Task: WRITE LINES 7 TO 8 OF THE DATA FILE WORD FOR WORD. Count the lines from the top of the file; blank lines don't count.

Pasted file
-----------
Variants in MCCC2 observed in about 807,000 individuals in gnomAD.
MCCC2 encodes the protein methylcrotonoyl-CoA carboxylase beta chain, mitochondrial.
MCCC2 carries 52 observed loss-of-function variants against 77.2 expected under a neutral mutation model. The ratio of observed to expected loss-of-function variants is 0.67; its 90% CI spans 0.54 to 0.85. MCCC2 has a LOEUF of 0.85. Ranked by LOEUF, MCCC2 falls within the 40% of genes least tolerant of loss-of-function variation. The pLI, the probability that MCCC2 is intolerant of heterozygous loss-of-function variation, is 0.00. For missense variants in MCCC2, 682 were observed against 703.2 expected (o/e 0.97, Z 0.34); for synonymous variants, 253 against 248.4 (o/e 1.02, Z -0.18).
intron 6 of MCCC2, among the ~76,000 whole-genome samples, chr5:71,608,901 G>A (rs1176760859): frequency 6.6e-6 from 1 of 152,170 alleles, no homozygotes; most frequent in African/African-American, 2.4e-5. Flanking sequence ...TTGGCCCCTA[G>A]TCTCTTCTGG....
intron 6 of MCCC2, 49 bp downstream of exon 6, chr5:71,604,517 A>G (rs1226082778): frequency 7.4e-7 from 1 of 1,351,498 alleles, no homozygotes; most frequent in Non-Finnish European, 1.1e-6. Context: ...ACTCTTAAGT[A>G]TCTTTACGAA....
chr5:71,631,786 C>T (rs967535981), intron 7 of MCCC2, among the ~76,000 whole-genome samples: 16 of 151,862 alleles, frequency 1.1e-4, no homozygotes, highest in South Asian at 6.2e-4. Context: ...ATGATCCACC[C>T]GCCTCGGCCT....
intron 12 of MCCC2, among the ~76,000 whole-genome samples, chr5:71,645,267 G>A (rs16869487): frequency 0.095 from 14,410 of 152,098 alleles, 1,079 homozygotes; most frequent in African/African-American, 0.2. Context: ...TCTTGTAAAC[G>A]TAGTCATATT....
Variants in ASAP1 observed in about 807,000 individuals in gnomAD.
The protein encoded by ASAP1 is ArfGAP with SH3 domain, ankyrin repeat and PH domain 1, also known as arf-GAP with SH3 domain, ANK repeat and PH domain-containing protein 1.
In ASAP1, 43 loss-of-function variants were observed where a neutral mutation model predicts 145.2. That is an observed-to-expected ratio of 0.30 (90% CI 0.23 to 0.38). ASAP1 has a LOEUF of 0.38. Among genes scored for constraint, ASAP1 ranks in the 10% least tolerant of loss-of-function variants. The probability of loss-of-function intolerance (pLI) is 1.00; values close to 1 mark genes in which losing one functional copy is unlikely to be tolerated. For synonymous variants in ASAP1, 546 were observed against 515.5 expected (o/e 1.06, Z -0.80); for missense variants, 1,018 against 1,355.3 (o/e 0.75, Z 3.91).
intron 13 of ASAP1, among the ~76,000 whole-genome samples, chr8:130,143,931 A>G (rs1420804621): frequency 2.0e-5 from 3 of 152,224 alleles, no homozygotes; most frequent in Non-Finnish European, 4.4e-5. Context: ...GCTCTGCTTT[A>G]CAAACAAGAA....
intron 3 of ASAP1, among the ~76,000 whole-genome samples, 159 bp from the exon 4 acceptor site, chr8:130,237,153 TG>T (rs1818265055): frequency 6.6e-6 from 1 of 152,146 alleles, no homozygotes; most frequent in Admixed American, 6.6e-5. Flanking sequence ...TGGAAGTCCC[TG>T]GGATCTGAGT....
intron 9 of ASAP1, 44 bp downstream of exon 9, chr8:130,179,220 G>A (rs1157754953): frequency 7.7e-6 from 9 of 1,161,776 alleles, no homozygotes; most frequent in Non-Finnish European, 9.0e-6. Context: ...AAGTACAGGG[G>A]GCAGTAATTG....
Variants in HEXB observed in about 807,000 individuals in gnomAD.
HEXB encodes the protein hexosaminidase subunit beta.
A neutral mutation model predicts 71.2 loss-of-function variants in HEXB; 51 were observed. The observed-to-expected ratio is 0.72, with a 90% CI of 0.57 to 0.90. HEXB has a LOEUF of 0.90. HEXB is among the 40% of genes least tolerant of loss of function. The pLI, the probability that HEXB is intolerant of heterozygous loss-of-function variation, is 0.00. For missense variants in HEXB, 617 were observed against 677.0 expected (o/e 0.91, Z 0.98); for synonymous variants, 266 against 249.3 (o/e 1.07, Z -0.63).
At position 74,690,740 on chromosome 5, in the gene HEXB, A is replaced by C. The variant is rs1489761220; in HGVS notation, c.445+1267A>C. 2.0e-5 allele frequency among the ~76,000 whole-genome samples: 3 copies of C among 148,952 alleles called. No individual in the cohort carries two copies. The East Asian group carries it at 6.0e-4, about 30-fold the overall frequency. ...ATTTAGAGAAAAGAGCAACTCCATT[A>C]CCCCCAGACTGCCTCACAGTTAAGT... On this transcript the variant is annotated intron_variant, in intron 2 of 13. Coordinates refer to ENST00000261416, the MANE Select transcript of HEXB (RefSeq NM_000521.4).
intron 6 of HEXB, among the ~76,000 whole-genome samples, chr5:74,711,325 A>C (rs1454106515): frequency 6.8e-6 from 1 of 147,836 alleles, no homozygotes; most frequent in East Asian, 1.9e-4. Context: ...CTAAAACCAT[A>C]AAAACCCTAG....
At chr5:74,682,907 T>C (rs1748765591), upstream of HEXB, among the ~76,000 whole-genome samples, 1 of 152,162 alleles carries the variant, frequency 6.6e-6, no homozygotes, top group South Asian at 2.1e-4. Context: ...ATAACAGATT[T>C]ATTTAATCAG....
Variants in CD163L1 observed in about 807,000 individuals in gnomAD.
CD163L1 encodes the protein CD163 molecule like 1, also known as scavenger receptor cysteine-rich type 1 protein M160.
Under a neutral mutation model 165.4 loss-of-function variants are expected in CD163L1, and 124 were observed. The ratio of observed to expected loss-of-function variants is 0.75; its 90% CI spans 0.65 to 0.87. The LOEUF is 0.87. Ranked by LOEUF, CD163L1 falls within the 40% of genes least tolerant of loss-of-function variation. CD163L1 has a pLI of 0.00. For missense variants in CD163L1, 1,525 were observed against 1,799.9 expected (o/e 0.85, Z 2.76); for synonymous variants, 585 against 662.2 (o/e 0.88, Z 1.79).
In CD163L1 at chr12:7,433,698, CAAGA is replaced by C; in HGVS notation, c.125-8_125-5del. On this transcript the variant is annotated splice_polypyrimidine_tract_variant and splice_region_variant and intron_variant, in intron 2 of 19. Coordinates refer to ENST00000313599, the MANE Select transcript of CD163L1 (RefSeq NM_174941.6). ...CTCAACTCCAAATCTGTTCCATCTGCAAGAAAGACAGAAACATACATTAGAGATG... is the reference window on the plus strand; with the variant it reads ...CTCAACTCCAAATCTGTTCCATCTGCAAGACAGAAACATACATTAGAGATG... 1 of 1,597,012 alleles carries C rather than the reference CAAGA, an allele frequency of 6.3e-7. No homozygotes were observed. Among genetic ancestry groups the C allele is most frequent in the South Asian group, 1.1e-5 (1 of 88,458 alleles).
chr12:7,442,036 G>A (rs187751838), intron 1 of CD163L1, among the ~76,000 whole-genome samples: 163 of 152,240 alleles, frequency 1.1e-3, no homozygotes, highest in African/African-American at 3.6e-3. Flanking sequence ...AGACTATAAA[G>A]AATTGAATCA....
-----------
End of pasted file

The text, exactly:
intron 12 of MCCC2, among the ~76,000 whole-genome samples, chr5:71,645,267 G>A (rs16869487): frequency 0.095 from 14,410 of 152,098 alleles, 1,079 homozygotes; most frequent in African/African-American, 0.2. Context: ...TCTTGTAAAC[G>A]TAGTCATATT....
Variants in ASAP1 observed in about 807,000 individuals in gnomAD.